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Wit: Death Thou Shalt Die

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    Vivian Bearing is a sophisticated scholar. She is a university professor in seventeenth-century poetry, who is diagnosed with ovarian cancer. Her oncologist, Dr. Kelekian suggests an experimental chemotherapy to be used on her, which would consist of eight full doses. Vivian agrees to the treatment, so the story begins. When watching the movie Wit, I related this movie much to what I had previously learned in high school. In high school, I learned about the Kubler-Ross model.

    The Kubler-Ross model, also known as the five stages of grief describe the process of death one goes through in order to come to acceptance with their crisis or tragedy; in most cases being an illness. I will be providing examples from the movie for each stage of grief Vivian Bearing had to go through. The five stages are: denial, anger, bargaining, depression and acceptance. The first stage of grief comes in denial. Vivian shows denial for a very long time. When Dr. Kelekian asks her if she is strong enough for the highest dosage of chemotherapy, she responds, “You needn’t worry. ” She accepts the treatment experiment without fear of causing herself harm. She does not take in consideration that this might be dangerous and could in fact result to side effects that could lead her to an earlier death. “I have stage four metastatic ovarian cancer. There is no stage five. And I have to be very tough. It appears to be a matter, as the saying goes… of life and death,” she says to the viewer while laughing about the matter.

    This gives the viewer an impression that she is still not quite aware that these might be her very few last words. The second stage of grief is anger. The stage of anger is very brief for Vivian Bearing because in most scenes, the reciting of John Donne’s Poetry calms her. Vivian’s professor once analysed a sonnet from John Donne, mentioning, “… death is no longer something… it is a comma… ” Instead of getting herself angry, she uses poetry and the use of English grammar to control her emotions.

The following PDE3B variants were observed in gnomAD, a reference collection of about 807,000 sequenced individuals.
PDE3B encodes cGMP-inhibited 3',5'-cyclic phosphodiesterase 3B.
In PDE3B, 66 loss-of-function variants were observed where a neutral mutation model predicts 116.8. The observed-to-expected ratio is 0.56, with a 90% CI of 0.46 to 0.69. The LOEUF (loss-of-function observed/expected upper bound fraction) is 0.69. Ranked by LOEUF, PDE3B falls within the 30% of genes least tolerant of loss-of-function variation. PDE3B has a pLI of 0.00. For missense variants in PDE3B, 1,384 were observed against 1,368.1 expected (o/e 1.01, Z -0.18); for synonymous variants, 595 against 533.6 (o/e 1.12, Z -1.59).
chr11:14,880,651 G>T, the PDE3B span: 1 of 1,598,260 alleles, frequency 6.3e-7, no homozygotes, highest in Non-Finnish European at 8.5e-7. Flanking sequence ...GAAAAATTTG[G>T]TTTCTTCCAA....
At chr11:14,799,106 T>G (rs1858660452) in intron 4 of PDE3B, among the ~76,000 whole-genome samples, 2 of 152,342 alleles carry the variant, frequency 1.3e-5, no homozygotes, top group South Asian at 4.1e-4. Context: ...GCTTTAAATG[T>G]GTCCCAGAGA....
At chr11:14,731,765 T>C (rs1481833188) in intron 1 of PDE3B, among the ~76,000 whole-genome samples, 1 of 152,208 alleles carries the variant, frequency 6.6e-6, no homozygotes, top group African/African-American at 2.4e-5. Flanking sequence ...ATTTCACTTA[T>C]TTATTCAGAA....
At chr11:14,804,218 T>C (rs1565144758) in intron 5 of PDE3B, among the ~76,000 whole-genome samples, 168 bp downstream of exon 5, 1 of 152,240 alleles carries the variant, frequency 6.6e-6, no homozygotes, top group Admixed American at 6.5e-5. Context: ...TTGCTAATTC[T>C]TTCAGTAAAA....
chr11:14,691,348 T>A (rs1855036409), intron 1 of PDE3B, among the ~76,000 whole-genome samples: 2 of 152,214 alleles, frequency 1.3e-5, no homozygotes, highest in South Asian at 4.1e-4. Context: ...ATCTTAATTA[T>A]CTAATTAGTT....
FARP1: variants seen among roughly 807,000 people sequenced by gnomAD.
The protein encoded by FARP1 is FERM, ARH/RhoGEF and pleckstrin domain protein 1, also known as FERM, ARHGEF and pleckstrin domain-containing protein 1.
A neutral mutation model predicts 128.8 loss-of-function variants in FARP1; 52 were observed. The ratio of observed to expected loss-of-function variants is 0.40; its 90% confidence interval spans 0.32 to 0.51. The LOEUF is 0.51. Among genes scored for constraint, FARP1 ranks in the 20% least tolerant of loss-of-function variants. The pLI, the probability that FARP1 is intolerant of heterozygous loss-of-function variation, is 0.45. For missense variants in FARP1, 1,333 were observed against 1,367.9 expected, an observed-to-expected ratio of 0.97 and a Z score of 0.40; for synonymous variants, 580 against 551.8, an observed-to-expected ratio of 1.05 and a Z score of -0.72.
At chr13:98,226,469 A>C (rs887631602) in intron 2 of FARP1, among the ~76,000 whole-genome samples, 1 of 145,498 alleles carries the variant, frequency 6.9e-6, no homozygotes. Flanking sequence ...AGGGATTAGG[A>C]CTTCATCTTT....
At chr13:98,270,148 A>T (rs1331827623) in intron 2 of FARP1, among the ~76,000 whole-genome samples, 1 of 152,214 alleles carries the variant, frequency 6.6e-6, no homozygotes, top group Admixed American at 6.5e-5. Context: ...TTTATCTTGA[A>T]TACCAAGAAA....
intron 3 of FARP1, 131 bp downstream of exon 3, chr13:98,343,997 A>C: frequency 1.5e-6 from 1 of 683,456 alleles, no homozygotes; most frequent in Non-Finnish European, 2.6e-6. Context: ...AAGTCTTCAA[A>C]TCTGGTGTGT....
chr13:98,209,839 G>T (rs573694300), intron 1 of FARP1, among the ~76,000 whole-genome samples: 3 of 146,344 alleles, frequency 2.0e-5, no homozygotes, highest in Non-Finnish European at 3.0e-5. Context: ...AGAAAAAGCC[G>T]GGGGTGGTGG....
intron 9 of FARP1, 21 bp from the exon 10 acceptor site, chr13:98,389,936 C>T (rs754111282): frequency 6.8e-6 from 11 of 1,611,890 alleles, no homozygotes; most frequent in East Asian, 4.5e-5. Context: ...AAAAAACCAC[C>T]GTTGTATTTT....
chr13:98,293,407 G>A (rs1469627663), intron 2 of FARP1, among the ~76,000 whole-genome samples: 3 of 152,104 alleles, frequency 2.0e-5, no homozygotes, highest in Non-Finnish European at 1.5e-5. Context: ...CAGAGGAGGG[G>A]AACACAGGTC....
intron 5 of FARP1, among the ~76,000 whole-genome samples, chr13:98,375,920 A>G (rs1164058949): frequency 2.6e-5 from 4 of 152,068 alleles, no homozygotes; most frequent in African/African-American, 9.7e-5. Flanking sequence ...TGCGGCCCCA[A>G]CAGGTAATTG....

The only time where I can recall Vivian becoming angry is when Suzy, the nurse, tells her that she needs to go for another ultrasound, “Not right now, it’s not supposed to be now… no more tests… ”, says Vivian. Her reactions towards the tests demonstrate that the feeling of denial was weakening; for she now becomes aware that the treatment is not working as well as she thought it would. The third stage is bargaining. In this stage, the patient usually tries to ask for forgiveness or ask for another chance to go back to the past. However, bargaining was a little less evident in Vivian’s case.

    After wishing Jason was more into personal contact, Vivian looks back at her own past as a scholar and remembers how ruthless and fierce she was towards her students; she says, “Now, I suppose we shall see how the senior scholar ruthlessly denied her simpering students the touch of human kindness she now seeks. ” This indicates her longing for warmth and comfort. The feeling of regret. The fourth stage is depression. After recalling her past memories as a teacher, she goes from being a tough, independent woman, who fears nothing to a fragile, ill patient. “I’m scared… I don’t feel so sure of myself anymore,” cries Vivian to Suzy.

    I believe this is the moment in the movie where she goes through depression. Lack of communication, having no visitors and being isolated in the hospital, were also contributing factors to her depression. The final stage for the process of death is acceptance. She always had a sense of acceptance towards her illness but it was quite difficult for the viewer to understand because she never showed much emotion towards her loss. However, I believe acceptance became more evident towards the end when Suzy proposed the two different options she has in case her heart stops beating. Vivian chooses to be DNR.

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    Wit: Death Thou Shalt Die. (2017, Mar 06). Retrieved from

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